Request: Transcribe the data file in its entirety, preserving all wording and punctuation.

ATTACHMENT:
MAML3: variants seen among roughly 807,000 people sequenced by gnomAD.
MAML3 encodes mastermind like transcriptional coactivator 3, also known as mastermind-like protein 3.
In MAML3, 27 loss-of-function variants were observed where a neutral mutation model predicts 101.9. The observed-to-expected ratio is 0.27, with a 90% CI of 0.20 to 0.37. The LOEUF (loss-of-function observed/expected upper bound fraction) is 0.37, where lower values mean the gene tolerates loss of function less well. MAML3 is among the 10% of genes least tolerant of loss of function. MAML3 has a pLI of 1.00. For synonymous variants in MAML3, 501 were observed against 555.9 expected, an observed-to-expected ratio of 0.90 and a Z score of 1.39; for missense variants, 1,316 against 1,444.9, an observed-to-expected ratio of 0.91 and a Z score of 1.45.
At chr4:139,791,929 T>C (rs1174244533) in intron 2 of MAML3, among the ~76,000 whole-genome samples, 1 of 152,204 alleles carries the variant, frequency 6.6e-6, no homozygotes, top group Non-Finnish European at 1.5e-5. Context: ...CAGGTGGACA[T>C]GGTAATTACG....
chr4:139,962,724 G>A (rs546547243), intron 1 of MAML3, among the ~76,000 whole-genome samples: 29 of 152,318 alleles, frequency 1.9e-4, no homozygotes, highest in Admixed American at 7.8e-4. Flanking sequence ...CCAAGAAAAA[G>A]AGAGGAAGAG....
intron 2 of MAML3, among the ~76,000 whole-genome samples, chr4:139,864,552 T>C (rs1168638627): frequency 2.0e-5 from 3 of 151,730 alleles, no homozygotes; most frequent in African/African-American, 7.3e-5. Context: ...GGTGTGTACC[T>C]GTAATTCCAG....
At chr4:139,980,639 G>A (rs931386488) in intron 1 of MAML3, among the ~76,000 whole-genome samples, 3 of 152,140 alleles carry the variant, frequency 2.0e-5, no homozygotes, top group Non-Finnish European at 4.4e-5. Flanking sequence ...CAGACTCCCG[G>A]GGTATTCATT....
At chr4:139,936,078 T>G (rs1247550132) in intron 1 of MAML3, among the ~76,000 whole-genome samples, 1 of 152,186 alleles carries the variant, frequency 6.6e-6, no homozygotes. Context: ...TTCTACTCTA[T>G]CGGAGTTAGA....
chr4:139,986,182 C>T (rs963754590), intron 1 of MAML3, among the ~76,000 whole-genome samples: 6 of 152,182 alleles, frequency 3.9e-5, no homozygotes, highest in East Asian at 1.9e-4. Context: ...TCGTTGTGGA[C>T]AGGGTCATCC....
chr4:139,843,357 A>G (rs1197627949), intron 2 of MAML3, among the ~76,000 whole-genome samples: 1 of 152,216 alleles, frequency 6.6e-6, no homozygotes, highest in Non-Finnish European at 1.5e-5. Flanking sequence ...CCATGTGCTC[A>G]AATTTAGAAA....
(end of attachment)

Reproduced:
MAML3: variants seen among roughly 807,000 people sequenced by gnomAD.
MAML3 encodes mastermind like transcriptional coactivator 3, also known as mastermind-like protein 3.
In MAML3, 27 loss-of-function variants were observed where a neutral mutation model predicts 101.9. The observed-to-expected ratio is 0.27, with a 90% CI of 0.20 to 0.37. The LOEUF (loss-of-function observed/expected upper bound fraction) is 0.37, where lower values mean the gene tolerates loss of function less well. MAML3 is among the 10% of genes least tolerant of loss of function. MAML3 has a pLI of 1.00. For synonymous variants in MAML3, 501 were observed against 555.9 expected, an observed-to-expected ratio of 0.90 and a Z score of 1.39; for missense variants, 1,316 against 1,444.9, an observed-to-expected ratio of 0.91 and a Z score of 1.45.
At chr4:139,791,929 T>C (rs1174244533) in intron 2 of MAML3, among the ~76,000 whole-genome samples, 1 of 152,204 alleles carries the variant, frequency 6.6e-6, no homozygotes, top group Non-Finnish European at 1.5e-5. Context: ...CAGGTGGACA[T>C]GGTAATTACG....
chr4:139,962,724 G>A (rs546547243), intron 1 of MAML3, among the ~76,000 whole-genome samples: 29 of 152,318 alleles, frequency 1.9e-4, no homozygotes, highest in Admixed American at 7.8e-4. Flanking sequence ...CCAAGAAAAA[G>A]AGAGGAAGAG....
intron 2 of MAML3, among the ~76,000 whole-genome samples, chr4:139,864,552 T>C (rs1168638627): frequency 2.0e-5 from 3 of 151,730 alleles, no homozygotes; most frequent in African/African-American, 7.3e-5. Context: ...GGTGTGTACC[T>C]GTAATTCCAG....
At chr4:139,980,639 G>A (rs931386488) in intron 1 of MAML3, among the ~76,000 whole-genome samples, 3 of 152,140 alleles carry the variant, frequency 2.0e-5, no homozygotes, top group Non-Finnish European at 4.4e-5. Flanking sequence ...CAGACTCCCG[G>A]GGTATTCATT....
At chr4:139,936,078 T>G (rs1247550132) in intron 1 of MAML3, among the ~76,000 whole-genome samples, 1 of 152,186 alleles carries the variant, frequency 6.6e-6, no homozygotes. Context: ...TTCTACTCTA[T>G]CGGAGTTAGA....
chr4:139,986,182 C>T (rs963754590), intron 1 of MAML3, among the ~76,000 whole-genome samples: 6 of 152,182 alleles, frequency 3.9e-5, no homozygotes, highest in East Asian at 1.9e-4. Context: ...TCGTTGTGGA[C>T]AGGGTCATCC....
chr4:139,843,357 A>G (rs1197627949), intron 2 of MAML3, among the ~76,000 whole-genome samples: 1 of 152,216 alleles, frequency 6.6e-6, no homozygotes, highest in Non-Finnish European at 1.5e-5. Flanking sequence ...CCATGTGCTC[A>G]AATTTAGAAA....